Surveillance, security and testing in women’s sports

With each Olympics, a new set of issues and problems arise, as well as the same old ugly ‘two headed monster’ bears its head, without much of a change (such as the Russia fiasco and doping).

There are numerous criticisms of larger sporting events (such as the Olympics, FIFA World Cup etc.), however issues of gender and sexuality have largely been mute from these large events. The division seen in sports is largely due to the assumption that females cannot compete at the same level and are less competitive than their male counterparts, and in turn, are less competitive athletes (Blithe and Hanchey 2015, P486-487).

This year, Chinese swimmer Fu Yuanhui caused an international uproar at the Rio 2016 Olympics with her unique interviewing styles and her ability to shed light on ‘taboo’ issues such as menstruation, as well as showing the Chinese Female Olympian having fun, which apparently is also a big ‘no-no’ in Chinese culture.

2008 Summer Olympics - Opening Ceremony - Beijing, China 同一个世界 同一个梦想 - U.S. Army World Class Athlete Program - FMWRC

Olympic Opening Ceremony celebrates ‘One World, One Dream’ by U.S. Army, CC by 2.0

This seemingly innocuous issue sheds light just how many issues that men (as well as many women) in society have with natural female body issues. Issues of gender and sexuality have been traditionally largely invisible from surveillance studies, and the same can be said of sports.

Athletes bodies are subject to different forms of surveillance, and many sports agencies test female athletes for androgen levels, which is considered a primary tool for ‘fair play’ in sports. However it can be seen as a reproducing tool for gender order through the process of inclusion and elimination (Jakubowska 2014, p. 454).

Not Resident Evil 5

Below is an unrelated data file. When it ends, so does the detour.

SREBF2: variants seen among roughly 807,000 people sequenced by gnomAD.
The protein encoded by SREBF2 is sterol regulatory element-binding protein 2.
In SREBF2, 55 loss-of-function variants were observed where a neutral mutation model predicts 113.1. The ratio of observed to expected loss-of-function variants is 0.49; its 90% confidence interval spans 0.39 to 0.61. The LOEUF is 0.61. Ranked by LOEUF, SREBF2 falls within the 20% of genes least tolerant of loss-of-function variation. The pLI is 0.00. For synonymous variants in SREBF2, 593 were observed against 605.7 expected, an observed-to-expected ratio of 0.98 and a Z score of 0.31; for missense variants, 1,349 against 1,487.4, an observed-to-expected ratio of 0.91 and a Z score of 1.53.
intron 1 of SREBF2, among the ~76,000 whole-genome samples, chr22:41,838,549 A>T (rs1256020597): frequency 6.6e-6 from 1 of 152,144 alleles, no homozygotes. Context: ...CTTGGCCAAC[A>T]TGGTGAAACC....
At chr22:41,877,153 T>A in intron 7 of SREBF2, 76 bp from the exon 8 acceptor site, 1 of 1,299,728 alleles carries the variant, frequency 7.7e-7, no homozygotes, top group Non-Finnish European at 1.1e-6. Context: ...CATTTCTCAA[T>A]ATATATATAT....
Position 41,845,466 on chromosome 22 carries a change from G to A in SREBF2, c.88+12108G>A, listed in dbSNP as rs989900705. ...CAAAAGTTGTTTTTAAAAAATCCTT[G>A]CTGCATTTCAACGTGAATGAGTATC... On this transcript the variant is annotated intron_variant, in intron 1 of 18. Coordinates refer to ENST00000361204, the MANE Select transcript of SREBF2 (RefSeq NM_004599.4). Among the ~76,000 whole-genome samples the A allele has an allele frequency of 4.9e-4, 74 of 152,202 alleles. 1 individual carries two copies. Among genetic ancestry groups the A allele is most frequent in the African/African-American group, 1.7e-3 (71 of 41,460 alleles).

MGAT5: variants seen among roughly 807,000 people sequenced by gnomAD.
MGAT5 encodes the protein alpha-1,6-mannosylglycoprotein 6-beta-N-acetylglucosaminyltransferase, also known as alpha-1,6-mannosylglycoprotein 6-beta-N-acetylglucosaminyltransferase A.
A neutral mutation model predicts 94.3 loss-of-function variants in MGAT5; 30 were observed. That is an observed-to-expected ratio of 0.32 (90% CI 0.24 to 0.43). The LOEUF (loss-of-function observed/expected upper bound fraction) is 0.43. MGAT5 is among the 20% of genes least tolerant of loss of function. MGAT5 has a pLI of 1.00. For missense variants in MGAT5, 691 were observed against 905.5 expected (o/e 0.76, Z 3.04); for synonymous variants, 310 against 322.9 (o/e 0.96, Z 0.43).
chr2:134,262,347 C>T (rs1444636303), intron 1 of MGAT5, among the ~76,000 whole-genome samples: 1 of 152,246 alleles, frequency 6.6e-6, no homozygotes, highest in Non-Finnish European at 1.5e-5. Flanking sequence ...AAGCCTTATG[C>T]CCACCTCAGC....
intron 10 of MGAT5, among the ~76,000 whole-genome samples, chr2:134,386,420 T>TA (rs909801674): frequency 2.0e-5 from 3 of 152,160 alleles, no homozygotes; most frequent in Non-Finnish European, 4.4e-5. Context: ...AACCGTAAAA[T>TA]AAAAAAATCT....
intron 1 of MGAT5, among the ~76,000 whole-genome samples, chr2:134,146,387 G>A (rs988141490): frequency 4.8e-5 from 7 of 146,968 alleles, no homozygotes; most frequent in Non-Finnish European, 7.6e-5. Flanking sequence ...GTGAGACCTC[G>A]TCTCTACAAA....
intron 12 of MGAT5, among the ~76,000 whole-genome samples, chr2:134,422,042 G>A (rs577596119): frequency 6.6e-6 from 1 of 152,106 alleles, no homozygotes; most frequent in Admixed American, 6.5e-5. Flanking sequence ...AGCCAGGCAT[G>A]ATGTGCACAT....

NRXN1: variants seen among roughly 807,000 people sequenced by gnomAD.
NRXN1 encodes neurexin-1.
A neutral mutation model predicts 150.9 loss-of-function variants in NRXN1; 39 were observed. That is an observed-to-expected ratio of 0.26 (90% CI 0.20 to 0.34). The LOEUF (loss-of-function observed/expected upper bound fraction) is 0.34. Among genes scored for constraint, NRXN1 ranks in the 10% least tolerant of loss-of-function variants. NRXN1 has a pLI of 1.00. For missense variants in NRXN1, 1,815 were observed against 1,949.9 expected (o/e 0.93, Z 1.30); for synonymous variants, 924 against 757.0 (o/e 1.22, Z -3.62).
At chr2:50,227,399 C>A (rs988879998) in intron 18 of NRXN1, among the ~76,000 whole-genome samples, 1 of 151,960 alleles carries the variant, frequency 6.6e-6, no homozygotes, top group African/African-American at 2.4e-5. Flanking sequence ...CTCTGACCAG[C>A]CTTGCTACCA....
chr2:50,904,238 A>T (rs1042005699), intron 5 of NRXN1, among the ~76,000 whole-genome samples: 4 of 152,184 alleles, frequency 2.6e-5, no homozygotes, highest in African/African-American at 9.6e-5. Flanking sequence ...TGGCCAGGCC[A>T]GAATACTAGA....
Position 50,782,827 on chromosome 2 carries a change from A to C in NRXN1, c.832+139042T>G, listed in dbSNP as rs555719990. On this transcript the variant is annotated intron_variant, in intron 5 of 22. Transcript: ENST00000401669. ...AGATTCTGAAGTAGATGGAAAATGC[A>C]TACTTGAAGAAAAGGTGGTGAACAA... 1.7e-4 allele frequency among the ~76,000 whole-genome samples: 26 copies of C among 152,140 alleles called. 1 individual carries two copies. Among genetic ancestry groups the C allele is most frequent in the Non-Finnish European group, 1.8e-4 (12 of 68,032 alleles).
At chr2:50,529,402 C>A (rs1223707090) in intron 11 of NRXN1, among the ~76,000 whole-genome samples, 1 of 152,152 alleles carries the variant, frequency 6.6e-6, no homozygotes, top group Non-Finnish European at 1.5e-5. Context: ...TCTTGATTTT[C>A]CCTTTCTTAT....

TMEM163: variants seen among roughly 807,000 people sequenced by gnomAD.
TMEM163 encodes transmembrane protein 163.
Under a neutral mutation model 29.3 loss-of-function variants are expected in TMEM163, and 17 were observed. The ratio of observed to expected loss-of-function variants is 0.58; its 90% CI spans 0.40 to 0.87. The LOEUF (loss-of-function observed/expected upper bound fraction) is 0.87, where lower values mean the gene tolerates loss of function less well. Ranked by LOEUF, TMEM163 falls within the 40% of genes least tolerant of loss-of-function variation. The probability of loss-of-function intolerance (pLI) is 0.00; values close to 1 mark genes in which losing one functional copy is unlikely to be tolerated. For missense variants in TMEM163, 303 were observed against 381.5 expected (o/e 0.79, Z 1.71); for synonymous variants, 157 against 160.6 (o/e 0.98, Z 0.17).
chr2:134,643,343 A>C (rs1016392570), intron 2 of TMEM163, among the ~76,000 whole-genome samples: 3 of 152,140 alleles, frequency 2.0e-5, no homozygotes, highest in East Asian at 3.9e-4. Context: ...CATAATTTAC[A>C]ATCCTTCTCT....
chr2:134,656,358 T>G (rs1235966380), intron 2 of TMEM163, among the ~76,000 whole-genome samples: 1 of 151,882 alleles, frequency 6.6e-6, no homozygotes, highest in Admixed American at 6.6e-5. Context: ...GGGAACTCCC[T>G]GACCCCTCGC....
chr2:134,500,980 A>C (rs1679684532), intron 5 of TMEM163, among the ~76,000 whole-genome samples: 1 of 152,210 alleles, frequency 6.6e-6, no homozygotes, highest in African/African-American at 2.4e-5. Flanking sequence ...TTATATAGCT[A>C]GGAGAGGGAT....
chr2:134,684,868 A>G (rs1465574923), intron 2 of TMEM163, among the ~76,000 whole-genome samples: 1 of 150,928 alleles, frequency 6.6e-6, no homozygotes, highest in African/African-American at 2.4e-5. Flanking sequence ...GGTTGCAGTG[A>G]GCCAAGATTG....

‘Not Resident Evil 5’ by Kevin Lau, CC by 2.0

This competitive assumption that women are inferior to men creates a virtual ‘glass ceiling’ for female athletic performance and in turn sporting organisations do not require male athletes to undergo the same regimental testing that the female athletes are subjected to (Blithe and Hanchey 2015, p. 487).

Run faster, Jump higher

Run Faster, Jump Higher‘ by Helgi Halldórsson, CC by 2.0

Blithe and Hanchey continue to bring up the fall out of this testing, not limited to complex problems, controversy, invasion of privacy, body shaming complexes, nationality, sexuality and ability, just to name a few. Sailors et. al (2012, p23) discuss how the complexities that arise regarding the invasion of human privacy and rights by gender testing, and that by questioning a female athletes femininity and identity demeans the gender. Sports often celebrates homogeneous masculine norms in competition, and in turn exclude females in the norm, labelling female athletes as in a ‘pathological’ condition if they do not adhere to the societal social, athletic and physical norms. By not adhering to these norms they are perceived to be less feminine, and in turn are labelled as less authentic. This in itself is the crux of the underlying basis in the discussion of sex verification.

No athlete was more criticised and scrutinised these last Olympics than Caster Samenya, a South African middle distance runner, who was heavily scrutinised and subjected to a myriad of tests to determine her gender, and had a blanket ban put on her until it was resolved (Walhert et. Al 2012, p. 486). This was a punishment for being too fast and too masculine by Western society, due to an elevated level of testosterone in her body. The Swiss High Court for International Sport found last year that it was unable to conclude that hydroandrogenic female athletes may benefit from such a significant performance advantage that is necessary to exclude them from competing in the female category (Wonkam et. Al 2010, p. 545)

And this is a win for all women, as hopefully in the future all women can be athletically judged based solely on performance, diet, coaching, training facilities and nutrition, instead of genetic and biological variations.

References:

Blithe, S, & Hanchey, J 2015, ‘The Discursive Emergence of Gendered Physiological Discrimination in Sex Verification Testing’, Women’s Studies In Communication, 38, 4, pp. 486-506, Humanities Source.

Jakubowska, H 2014, ‘Gender verification in sport as a surveillance practice: An inside and outside perception’, Surveillance and Society, 11, 4, pp. 454-465.

Sailors, P, Teetzel, S, & Weaving, C 2012, ‘The Complexities of Sport, Gender, and Drug Testing’, American Journal Of Bioethics, 12, 7, pp. 23-25.

Wahlert, L, & Fiester, A 2012, ‘Gender Transports: Privileging the “Natural” in Gender Testing Debates for Intersex and Transgender Athletes’, American Journal Of Bioethics, 12, 7, pp. 19-21.

Wonkam, A, Fieggen, K, & Ramesar, R 2010, ‘Beyond the Caster Semenya Controversy: The Case of the Use of Genetics for Gender Testing in Sport’, Journal Of Genetic Counseling, 19, 6, pp. 545-548.

 

 

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